I posted a write-up of “getting rid of” Nagios previously, and it’s generated a staggering number of responses by those who are attached to Nagios and have used it effectively. This has ignited a similar discussion to what you see in the Mac vs PC or *nix vs Windows discussions pervasive across the internet (complete with personal attacks, I thought we were all adults here…). Those who know me, know I’ve been there and done it in my past, and in speaking with thousands of users of monitoring tools over my time at Gartner I can share some common threads.
Many of the readers who commented on the story were managing hundreds of servers, this is typically not the size of enterprises I speak with (although sometimes we do speak with those groups). We often speaking with an enterprise or IT architect who is trying to homogenize the management of the IT landscape. This is not just servers, but applications, network devices, storage systems, and other components. If you do not treat your IT infrastructure with uniformity, the notions of industrialization and standardization are elusive.
The typical Gartner client is medium to large companies, they typically have grown through the years by organic and acquisition of other businesses. This makes their IT landscape quite diverse, and often managed in isolated groups. In the discussions with these isolated organizations, left to their own devices, have selected a wide array of tools to manage their infrastructure and applications. These tools overlap with other business units within the organization using similar or dissimilar tools. For example a client I spoke with last week had over 65 monitoring tools in place, the size of the environment was 75,000 servers, let alone a vast array of other components not in scope for phase 1. As you can imagine there was everything from Icinga, Nagios, Zabbix, Graphite, etc (on the open source front) to what we call the big-4: IBM, CA, HP, BMC, and even islands of VMware vCenter Operations Suite, Oracle Enterprise Manager, and Microsoft System Center Operations Manager. I tried to offer some prescriptive advice, but the task at hand was daunting to say the least. The CIO who created this project was responding to the massive cost of licenses and people the business was essentially wasting by not managing this centrally, and not leveraging it’s scale.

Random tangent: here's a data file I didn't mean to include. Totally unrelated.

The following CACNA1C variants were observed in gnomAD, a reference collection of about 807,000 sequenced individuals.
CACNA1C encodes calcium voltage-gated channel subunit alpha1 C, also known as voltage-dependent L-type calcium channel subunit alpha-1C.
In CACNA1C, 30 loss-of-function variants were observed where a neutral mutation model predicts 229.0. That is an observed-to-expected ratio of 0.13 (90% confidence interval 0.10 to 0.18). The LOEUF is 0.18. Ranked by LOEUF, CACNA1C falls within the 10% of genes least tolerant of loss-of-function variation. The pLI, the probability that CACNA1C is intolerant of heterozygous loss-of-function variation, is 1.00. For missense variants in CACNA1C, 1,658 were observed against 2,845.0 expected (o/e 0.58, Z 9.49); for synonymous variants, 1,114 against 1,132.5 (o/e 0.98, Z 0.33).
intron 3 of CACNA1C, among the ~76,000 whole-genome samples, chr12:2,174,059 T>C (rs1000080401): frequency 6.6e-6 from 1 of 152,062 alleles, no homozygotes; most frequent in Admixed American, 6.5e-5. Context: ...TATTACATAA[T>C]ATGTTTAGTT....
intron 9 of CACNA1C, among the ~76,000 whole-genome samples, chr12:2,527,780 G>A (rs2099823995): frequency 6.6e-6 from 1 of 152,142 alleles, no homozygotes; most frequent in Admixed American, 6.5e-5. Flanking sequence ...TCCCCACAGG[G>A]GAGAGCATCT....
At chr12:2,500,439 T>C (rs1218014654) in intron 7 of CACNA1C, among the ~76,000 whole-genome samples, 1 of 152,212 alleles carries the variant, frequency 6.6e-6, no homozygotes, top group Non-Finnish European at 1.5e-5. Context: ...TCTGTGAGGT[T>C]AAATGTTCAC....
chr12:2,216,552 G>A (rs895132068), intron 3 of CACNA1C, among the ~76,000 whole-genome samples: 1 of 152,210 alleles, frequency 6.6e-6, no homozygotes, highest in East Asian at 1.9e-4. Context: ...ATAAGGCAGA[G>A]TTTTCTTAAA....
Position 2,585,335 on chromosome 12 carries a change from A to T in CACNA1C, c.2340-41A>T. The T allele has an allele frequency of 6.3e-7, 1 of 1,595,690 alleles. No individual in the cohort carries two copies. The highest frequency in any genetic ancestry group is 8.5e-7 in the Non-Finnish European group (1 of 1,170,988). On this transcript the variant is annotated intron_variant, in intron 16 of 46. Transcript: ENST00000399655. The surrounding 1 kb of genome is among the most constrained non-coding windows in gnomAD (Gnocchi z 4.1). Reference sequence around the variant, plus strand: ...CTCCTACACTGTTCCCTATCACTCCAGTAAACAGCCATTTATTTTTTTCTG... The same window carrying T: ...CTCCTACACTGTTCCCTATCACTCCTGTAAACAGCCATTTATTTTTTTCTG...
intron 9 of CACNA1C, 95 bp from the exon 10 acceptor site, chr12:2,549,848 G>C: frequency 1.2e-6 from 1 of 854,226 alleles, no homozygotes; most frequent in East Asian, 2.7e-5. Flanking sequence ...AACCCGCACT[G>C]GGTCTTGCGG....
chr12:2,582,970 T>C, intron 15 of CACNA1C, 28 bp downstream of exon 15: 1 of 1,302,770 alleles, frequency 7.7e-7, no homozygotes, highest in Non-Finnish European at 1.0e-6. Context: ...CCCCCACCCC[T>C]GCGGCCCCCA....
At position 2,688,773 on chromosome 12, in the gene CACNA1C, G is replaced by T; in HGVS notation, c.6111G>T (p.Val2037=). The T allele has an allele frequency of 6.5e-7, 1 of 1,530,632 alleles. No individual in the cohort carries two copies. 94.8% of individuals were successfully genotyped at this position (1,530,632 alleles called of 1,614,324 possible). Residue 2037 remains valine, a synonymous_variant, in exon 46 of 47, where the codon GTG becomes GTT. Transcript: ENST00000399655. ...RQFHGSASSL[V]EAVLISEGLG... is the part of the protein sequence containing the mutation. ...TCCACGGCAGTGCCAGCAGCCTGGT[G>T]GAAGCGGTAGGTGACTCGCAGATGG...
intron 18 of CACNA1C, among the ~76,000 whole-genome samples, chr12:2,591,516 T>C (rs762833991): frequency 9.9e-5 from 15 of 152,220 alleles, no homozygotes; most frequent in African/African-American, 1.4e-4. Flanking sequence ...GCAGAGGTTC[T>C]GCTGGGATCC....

Nagios plays a big role in these organizations, often being implemented several different ways in a single enterprise. Trying to standardize the implementation is a challenge especially with most Nagios users selection various components from the open source and Nagios communities to build their personal preferred implementation. By utilizing aspects of open source the vendors who leverage Nagios, but build standardized ways of implementing and managing the footprint create a likely more successful implementation at scale. (EX: Centerity, Centreon, Groundwork, OP5, Opsview).
Additionally a common issue that is pervasive across monitoring is the over extension of the platform to do more than the core tenants of monitoring. The capture of metrics, notification of issues, and the analysis and correlation of metrics to determine root cause for problem isolation. Monitoring should not run jobs needed to operate and correct infrastructure, yet we see this happening consistently regardless of the platform. This creates lock in to the monitoring tool regardless of the vendor or technology used. When the business is forced to transform for example due to acquisition, new business demands, data center relocation, consolidation, or newer technology which enables easier management they are unable to detach the monitoring from the infrastructure or applications without extensive reverse engineering, which often times is not possible.
So I leave you with a question, how do you avoid these typical scenarios regardless of the tool in place?
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